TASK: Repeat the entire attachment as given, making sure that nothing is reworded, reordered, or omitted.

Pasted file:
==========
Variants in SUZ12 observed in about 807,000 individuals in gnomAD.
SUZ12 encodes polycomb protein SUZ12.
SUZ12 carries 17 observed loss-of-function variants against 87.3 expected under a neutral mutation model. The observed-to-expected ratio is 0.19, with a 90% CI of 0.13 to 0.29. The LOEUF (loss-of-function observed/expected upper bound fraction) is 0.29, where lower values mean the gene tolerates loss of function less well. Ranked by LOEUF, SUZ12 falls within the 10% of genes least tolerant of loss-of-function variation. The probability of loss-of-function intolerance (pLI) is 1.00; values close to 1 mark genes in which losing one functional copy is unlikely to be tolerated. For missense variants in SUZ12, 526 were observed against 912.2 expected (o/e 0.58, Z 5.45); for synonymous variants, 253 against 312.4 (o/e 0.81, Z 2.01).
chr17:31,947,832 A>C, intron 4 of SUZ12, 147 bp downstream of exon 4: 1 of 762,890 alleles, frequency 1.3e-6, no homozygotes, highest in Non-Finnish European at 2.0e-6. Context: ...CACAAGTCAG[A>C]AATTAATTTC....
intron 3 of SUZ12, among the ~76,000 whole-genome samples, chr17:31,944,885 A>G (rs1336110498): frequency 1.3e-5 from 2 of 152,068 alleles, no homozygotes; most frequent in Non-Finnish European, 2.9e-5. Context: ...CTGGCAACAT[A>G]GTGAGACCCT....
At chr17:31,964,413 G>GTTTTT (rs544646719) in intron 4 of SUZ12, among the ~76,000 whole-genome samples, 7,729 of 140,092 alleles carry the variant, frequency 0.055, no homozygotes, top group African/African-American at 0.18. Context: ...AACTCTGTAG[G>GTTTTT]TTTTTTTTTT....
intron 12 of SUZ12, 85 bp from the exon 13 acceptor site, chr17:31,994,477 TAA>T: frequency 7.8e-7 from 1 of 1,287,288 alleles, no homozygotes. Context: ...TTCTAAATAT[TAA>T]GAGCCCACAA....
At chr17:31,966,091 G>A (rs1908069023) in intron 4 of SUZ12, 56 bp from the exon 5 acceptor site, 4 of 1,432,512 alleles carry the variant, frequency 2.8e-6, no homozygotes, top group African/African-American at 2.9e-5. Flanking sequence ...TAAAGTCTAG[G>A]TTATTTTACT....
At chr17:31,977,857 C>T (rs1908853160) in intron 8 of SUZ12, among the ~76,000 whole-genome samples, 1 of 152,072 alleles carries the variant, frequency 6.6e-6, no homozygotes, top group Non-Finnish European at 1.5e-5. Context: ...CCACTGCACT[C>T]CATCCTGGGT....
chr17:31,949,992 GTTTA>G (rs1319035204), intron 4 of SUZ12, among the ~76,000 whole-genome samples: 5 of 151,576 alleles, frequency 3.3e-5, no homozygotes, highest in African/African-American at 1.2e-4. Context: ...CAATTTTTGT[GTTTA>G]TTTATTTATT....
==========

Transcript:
Variants in SUZ12 observed in about 807,000 individuals in gnomAD.
SUZ12 encodes polycomb protein SUZ12.
SUZ12 carries 17 observed loss-of-function variants against 87.3 expected under a neutral mutation model. The observed-to-expected ratio is 0.19, with a 90% CI of 0.13 to 0.29. The LOEUF (loss-of-function observed/expected upper bound fraction) is 0.29, where lower values mean the gene tolerates loss of function less well. Ranked by LOEUF, SUZ12 falls within the 10% of genes least tolerant of loss-of-function variation. The probability of loss-of-function intolerance (pLI) is 1.00; values close to 1 mark genes in which losing one functional copy is unlikely to be tolerated. For missense variants in SUZ12, 526 were observed against 912.2 expected (o/e 0.58, Z 5.45); for synonymous variants, 253 against 312.4 (o/e 0.81, Z 2.01).
chr17:31,947,832 A>C, intron 4 of SUZ12, 147 bp downstream of exon 4: 1 of 762,890 alleles, frequency 1.3e-6, no homozygotes, highest in Non-Finnish European at 2.0e-6. Context: ...CACAAGTCAG[A>C]AATTAATTTC....
intron 3 of SUZ12, among the ~76,000 whole-genome samples, chr17:31,944,885 A>G (rs1336110498): frequency 1.3e-5 from 2 of 152,068 alleles, no homozygotes; most frequent in Non-Finnish European, 2.9e-5. Context: ...CTGGCAACAT[A>G]GTGAGACCCT....
At chr17:31,964,413 G>GTTTTT (rs544646719) in intron 4 of SUZ12, among the ~76,000 whole-genome samples, 7,729 of 140,092 alleles carry the variant, frequency 0.055, no homozygotes, top group African/African-American at 0.18. Context: ...AACTCTGTAG[G>GTTTTT]TTTTTTTTTT....
intron 12 of SUZ12, 85 bp from the exon 13 acceptor site, chr17:31,994,477 TAA>T: frequency 7.8e-7 from 1 of 1,287,288 alleles, no homozygotes. Context: ...TTCTAAATAT[TAA>T]GAGCCCACAA....
At chr17:31,966,091 G>A (rs1908069023) in intron 4 of SUZ12, 56 bp from the exon 5 acceptor site, 4 of 1,432,512 alleles carry the variant, frequency 2.8e-6, no homozygotes, top group African/African-American at 2.9e-5. Flanking sequence ...TAAAGTCTAG[G>A]TTATTTTACT....
At chr17:31,977,857 C>T (rs1908853160) in intron 8 of SUZ12, among the ~76,000 whole-genome samples, 1 of 152,072 alleles carries the variant, frequency 6.6e-6, no homozygotes, top group Non-Finnish European at 1.5e-5. Context: ...CCACTGCACT[C>T]CATCCTGGGT....
chr17:31,949,992 GTTTA>G (rs1319035204), intron 4 of SUZ12, among the ~76,000 whole-genome samples: 5 of 151,576 alleles, frequency 3.3e-5, no homozygotes, highest in African/African-American at 1.2e-4. Context: ...CAATTTTTGT[GTTTA>G]TTTATTTATT....